Roellig K.,Leibniz Institute for Zoo and Wildlife Research
Nature communications | Year: 2010

The concept of superfetation, a second conception during pregnancy, has been controversial for a long time. In this paper we use an experimental approach to demonstrate that female European brown hares (Lepus europaeus) frequently develop a second pregnancy while already pregnant and thereby increase their reproductive success. After a new, successful copulation, we confirmed additional ovulations before parturition in living, late-pregnant females by detecting a second set of fresh corpora lutea using high-resolution ultrasonography. The presence of early embryonic stages in the oviduct, demonstrated by oviduct flushing, next to fully developed fetuses in the uterus is best explained by passage of semen through the late-pregnant uterus; this was confirmed by paternity analysis using microsatellite profiling. Subsequent implantation occurred after parturition. This superfetation, categorized as superconception, significantly increased litter size and permitted females to produce up to 35.4% more offspring per breeding season. It is therefore most likely an evolutionary adaptation. Source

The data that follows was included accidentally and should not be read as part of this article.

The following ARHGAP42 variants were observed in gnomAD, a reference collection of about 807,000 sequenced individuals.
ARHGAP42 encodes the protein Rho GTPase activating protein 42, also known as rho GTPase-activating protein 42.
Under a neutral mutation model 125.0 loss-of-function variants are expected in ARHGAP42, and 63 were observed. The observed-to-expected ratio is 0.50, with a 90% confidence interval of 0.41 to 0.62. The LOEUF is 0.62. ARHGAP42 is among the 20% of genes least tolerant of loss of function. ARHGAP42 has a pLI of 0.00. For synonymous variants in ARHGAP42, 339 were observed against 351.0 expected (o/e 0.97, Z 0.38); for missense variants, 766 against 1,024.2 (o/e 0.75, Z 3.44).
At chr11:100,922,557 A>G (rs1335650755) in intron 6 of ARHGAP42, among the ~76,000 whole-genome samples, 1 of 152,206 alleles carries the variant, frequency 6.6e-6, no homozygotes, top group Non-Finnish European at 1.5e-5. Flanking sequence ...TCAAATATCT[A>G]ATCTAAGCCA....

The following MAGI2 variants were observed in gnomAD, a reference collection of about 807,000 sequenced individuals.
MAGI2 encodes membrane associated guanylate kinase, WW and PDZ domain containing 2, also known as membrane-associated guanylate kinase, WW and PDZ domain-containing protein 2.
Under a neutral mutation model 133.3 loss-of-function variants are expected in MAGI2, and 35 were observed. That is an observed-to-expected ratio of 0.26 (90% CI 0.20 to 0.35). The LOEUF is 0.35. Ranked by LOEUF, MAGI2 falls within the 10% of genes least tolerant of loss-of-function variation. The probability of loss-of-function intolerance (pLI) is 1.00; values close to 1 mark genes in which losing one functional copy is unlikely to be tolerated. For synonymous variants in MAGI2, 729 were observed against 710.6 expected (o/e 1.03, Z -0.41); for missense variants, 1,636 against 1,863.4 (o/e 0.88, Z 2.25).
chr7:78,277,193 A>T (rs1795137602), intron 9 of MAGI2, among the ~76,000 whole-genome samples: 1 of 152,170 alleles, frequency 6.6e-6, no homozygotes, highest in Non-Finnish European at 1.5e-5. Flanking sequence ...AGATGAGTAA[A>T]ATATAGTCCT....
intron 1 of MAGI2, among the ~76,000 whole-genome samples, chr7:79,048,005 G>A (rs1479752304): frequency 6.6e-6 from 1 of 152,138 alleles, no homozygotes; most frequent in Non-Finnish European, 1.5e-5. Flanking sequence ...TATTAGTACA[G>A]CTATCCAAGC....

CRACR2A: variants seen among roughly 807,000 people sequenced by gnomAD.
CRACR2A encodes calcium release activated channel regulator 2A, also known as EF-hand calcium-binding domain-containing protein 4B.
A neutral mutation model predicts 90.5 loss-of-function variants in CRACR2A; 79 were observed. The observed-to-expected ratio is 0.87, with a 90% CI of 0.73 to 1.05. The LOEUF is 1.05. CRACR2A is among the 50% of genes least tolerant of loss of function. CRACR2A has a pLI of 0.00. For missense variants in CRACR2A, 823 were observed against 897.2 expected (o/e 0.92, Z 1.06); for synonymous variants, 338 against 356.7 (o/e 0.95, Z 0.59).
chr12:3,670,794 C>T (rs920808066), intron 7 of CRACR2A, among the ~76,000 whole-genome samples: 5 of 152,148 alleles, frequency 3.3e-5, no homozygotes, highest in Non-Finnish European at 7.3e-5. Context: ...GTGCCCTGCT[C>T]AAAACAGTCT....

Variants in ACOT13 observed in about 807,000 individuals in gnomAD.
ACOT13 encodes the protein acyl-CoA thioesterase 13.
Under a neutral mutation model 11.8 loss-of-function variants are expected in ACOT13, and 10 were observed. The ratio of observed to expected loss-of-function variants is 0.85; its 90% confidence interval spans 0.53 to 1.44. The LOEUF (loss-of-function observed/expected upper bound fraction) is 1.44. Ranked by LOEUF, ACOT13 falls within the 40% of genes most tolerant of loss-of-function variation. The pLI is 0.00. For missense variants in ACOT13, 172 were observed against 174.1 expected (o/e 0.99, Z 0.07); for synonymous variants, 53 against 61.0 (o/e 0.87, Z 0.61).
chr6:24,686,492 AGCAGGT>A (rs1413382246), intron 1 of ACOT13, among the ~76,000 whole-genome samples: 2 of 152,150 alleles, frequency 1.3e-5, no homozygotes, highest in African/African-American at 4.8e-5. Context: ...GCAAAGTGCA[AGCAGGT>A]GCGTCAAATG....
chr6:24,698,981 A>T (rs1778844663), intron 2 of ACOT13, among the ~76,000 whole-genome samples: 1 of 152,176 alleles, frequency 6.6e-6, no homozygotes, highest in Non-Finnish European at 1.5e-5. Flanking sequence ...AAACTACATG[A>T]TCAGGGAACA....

Muhldorfer K.,Leibniz Institute for Zoo and Wildlife Research
Zoonoses and Public Health | Year: 2013

The occurrence of emerging infectious diseases and their relevance to human health has increased the interest in bats as potential reservoir hosts and vectors of zoonotic pathogens. But while previous and ongoing research activities predominantly focused on viral agents, the prevalence of pathogenic bacteria in bats and their impact on bat mortality have largely neglected. Enteric pathogens found in bats are often considered to originate from the bats' diet and foraging habitats, despite the fact that little is known about the actual ecological context or even transmission cycles involving bats, humans and other animals like pets and livestock. For some bacterial pathogens common in human and animal diseases (e.g. Pasteurella, Salmonella, Escherichia and Yersinia spp.), the pathogenic potential has been confirmed for bats. Other bacterial pathogens (e.g. Bartonella, Borrelia and Leptospira spp.) provide evidence for novel species that seem to be specific for bat hosts but might also be of disease importance in humans and other animals. The purpose of this review is to summarize the current knowledge of bacterial pathogens identified in bats and to consider factors that might influence the exposure and susceptibility of bats to bacterial infection but could also affect bacterial transmission rates between bats, humans and other animals. © 2012 Blackwell Verlag GmbH. Source